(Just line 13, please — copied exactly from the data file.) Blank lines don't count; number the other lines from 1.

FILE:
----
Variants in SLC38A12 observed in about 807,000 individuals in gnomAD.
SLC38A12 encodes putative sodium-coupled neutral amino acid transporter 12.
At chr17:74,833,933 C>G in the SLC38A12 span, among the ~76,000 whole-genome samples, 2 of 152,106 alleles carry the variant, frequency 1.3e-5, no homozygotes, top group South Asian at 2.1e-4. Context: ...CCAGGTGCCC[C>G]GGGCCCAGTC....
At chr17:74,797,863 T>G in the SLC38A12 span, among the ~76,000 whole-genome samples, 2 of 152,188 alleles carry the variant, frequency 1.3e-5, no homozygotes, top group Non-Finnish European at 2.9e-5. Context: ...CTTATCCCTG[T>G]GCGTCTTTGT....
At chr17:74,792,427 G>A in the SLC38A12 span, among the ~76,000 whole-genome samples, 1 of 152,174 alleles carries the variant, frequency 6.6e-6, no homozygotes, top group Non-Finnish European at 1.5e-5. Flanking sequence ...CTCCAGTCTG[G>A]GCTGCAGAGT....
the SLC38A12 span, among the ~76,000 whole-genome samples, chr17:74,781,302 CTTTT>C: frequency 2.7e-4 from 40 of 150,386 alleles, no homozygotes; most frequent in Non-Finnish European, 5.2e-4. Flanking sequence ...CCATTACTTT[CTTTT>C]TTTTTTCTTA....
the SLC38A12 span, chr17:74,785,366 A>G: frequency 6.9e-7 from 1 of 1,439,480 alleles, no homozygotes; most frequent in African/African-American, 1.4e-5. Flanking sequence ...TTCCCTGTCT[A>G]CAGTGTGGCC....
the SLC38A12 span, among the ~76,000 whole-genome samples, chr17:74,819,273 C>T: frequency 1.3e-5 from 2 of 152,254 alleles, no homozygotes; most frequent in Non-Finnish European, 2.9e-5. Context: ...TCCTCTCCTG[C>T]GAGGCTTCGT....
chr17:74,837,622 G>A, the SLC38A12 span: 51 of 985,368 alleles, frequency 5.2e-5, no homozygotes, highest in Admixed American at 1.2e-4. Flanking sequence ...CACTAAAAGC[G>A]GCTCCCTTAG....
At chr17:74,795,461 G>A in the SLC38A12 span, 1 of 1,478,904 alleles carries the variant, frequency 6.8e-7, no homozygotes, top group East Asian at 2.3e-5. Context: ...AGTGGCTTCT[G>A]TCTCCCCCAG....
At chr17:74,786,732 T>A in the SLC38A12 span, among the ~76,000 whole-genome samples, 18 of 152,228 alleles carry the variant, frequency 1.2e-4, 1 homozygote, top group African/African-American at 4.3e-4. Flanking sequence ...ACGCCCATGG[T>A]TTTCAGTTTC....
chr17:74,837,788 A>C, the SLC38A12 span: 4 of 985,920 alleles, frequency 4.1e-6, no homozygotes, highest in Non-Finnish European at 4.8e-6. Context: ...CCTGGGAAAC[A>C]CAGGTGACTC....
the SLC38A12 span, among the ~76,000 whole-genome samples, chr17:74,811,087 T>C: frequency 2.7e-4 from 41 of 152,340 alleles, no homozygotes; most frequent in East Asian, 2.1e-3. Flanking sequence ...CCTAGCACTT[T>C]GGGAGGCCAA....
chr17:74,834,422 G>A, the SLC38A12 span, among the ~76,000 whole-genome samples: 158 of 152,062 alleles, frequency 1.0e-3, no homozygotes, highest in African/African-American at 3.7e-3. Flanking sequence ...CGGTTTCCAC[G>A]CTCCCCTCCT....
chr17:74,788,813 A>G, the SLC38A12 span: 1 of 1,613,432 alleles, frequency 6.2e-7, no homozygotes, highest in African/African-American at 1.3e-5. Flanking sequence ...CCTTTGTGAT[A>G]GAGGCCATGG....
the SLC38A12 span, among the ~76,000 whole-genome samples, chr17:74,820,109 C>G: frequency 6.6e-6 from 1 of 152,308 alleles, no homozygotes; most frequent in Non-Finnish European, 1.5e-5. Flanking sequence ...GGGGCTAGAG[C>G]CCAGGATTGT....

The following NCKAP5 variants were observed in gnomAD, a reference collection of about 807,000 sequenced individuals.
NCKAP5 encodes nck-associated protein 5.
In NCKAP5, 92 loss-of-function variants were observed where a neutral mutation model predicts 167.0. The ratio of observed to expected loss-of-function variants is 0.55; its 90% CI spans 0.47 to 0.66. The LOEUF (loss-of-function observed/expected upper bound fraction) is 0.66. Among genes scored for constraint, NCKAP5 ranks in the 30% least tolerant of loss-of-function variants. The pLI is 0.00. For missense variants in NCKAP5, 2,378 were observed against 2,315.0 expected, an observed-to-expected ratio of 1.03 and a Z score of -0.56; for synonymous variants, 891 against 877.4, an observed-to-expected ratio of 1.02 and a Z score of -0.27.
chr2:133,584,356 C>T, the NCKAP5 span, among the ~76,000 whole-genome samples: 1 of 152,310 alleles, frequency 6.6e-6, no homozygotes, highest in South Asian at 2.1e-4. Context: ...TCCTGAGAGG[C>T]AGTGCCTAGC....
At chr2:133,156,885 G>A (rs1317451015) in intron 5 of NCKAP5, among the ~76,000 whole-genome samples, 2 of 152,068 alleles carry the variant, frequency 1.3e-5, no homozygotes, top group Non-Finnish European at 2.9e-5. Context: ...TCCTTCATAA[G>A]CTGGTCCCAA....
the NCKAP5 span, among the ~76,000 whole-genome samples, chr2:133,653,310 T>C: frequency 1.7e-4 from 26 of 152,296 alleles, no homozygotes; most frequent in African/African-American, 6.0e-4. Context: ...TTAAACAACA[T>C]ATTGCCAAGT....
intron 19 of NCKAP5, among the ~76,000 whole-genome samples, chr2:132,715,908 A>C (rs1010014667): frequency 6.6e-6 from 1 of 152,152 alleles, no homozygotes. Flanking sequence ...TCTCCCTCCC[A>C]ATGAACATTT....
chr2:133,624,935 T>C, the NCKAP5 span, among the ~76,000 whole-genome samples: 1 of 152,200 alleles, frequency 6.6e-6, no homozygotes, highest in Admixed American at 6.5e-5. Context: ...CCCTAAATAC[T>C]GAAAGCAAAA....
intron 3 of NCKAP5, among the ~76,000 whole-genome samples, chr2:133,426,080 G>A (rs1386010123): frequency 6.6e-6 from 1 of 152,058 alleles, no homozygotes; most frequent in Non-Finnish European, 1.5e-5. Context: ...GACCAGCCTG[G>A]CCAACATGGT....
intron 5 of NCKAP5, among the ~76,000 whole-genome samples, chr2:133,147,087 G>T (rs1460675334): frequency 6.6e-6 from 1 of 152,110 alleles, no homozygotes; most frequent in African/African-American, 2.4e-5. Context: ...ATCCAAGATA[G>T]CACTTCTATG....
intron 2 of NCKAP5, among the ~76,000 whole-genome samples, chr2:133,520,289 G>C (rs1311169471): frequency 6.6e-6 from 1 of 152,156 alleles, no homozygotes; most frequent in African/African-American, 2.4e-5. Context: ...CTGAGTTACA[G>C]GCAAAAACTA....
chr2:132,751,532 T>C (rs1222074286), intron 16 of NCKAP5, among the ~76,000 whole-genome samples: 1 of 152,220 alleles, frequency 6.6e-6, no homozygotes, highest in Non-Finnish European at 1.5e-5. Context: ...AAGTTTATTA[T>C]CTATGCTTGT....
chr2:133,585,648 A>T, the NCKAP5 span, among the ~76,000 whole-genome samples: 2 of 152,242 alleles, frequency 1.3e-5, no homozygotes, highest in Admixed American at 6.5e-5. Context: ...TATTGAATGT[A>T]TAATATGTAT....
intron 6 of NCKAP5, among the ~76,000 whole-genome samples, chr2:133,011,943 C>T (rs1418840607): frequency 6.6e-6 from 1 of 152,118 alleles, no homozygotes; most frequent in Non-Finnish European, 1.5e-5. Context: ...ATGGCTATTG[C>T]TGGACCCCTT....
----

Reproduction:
the SLC38A12 span, among the ~76,000 whole-genome samples, chr17:74,811,087 T>C: frequency 2.7e-4 from 41 of 152,340 alleles, no homozygotes; most frequent in East Asian, 2.1e-3. Flanking sequence ...CCTAGCACTT[T>C]GGGAGGCCAA....